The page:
A couple months ago Wells Fargo patched this vulnerability. I noticed it about a year ago, accidentally.
The sign-in form on the http://WellsFargo.com website as well as the Wells Fargo iPhone app were tested and exhibited the vulnerability.
All user accounts were not affected. My account WAS affected.
With correct username and correct password entered, any extra characters entered in the “Password” field after the correct password still resulted in a successful login.
Supposing there weren’t a limit to the amount of failed logins, and or a delay between unsuccessful logins, this would be a much more serious vulnerability.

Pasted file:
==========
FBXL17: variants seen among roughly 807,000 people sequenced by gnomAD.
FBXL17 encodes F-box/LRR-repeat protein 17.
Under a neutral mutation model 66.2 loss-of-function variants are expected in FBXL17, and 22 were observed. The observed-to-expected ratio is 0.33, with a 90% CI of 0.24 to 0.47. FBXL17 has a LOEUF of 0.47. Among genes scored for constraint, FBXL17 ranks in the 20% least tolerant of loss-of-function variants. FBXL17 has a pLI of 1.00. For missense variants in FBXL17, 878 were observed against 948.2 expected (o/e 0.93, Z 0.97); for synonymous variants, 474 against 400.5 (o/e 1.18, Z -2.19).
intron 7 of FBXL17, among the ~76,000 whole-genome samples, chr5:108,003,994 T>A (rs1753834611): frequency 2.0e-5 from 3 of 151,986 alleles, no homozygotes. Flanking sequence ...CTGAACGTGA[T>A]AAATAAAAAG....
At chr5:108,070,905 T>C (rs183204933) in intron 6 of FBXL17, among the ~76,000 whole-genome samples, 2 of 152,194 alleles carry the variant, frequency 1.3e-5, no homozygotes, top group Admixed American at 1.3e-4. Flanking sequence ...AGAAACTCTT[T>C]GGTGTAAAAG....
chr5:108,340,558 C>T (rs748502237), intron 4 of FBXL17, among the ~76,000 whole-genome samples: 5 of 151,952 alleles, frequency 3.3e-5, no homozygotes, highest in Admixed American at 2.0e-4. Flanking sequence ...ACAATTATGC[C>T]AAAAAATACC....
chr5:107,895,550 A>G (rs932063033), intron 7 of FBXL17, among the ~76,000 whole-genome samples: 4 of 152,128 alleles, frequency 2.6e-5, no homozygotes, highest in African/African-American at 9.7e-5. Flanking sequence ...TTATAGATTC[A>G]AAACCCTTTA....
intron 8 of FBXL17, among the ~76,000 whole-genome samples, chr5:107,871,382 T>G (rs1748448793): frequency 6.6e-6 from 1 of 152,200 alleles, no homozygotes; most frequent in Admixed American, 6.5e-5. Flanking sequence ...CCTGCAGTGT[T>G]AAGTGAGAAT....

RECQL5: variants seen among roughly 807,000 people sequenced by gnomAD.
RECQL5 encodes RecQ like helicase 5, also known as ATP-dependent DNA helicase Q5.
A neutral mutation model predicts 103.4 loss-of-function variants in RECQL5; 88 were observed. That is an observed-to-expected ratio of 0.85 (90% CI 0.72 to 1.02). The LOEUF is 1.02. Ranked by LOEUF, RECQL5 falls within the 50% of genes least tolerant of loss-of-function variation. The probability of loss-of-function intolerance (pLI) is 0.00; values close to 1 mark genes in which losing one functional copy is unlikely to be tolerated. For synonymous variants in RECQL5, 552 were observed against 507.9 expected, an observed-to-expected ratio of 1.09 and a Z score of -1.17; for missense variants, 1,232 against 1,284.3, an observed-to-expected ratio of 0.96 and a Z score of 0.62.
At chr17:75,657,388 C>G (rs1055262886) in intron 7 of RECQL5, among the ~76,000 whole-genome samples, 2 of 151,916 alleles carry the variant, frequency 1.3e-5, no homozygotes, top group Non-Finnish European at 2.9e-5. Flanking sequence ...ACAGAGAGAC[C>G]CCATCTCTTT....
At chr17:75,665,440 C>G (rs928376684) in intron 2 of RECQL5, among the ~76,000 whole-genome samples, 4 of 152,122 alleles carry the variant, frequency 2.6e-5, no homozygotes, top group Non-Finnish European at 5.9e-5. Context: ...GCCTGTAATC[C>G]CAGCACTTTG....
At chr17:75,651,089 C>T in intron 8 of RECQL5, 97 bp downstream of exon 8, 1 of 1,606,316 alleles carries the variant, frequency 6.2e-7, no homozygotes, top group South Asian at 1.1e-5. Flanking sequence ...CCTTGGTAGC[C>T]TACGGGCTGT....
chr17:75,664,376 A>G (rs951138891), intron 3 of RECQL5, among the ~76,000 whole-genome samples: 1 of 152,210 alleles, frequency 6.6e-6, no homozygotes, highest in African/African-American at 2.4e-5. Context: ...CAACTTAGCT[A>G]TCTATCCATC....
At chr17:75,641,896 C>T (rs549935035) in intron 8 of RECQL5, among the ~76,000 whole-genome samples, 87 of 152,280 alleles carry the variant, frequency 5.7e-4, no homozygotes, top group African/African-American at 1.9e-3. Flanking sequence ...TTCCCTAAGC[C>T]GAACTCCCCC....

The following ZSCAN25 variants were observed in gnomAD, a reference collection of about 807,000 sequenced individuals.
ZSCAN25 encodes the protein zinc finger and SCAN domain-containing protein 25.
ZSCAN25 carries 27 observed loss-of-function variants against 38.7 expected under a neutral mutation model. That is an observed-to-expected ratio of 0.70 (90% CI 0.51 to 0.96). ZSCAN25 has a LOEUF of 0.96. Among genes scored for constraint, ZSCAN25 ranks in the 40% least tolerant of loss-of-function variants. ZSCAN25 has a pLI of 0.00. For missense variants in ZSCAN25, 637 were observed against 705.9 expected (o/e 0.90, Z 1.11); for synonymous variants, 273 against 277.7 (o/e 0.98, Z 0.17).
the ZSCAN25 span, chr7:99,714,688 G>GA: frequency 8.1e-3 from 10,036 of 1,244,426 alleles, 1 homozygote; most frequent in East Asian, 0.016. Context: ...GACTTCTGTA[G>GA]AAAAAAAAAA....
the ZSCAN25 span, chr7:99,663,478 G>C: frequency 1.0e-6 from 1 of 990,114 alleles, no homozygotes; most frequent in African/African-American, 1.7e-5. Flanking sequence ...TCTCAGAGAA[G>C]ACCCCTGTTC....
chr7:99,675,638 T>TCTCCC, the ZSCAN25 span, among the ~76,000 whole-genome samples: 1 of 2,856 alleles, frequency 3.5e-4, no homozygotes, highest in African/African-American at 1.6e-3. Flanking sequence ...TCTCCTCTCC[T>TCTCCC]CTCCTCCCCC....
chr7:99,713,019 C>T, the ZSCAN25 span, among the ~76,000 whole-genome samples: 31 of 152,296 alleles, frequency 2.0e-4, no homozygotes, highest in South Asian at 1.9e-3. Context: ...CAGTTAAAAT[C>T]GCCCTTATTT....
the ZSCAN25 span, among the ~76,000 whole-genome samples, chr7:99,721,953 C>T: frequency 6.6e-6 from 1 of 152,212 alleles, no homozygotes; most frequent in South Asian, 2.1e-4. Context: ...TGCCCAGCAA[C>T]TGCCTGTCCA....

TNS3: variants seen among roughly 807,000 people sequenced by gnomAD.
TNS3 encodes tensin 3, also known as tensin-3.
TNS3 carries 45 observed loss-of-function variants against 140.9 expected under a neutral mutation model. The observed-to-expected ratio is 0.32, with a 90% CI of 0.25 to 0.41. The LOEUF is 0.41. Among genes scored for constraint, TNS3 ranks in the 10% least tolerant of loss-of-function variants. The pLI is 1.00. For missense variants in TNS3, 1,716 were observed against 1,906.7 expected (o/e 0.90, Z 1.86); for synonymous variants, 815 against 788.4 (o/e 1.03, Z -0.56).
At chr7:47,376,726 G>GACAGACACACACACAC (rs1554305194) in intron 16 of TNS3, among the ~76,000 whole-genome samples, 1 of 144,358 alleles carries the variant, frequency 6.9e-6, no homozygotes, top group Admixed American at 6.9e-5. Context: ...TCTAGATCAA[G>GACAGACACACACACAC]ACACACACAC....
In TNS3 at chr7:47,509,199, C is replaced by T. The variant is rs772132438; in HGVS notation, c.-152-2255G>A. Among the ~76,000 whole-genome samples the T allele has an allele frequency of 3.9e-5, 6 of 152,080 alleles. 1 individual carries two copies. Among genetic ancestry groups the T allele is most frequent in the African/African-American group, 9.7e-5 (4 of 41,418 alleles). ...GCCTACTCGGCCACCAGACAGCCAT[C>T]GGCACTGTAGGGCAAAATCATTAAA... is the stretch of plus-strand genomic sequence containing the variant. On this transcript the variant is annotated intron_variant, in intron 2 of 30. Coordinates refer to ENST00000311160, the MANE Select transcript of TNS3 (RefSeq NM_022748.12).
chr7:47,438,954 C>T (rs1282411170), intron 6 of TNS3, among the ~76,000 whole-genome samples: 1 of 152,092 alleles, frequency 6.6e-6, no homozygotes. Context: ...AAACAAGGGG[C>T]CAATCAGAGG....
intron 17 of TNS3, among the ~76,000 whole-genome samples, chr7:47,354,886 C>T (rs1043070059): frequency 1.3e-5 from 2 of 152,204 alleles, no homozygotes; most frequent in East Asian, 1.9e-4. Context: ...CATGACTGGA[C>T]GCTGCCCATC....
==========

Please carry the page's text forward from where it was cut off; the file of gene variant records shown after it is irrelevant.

The failure to properly sanitize the password user-input field greatly reduces the amount of guesses necessary to brute-force the password.
For example, not only “password123″, but also “password123777″ and “password123456″ would result in a successful login.
The moral of this story is to make sure any user-input fields in your website are properly “sanitized”. This is a perfect example of one of the things website customers should consider when choosing a web developer. The final product might LOOK great, but don’t forget that what’s behind the scenes is very important to security AND to your website’s SEO (search engine optimization).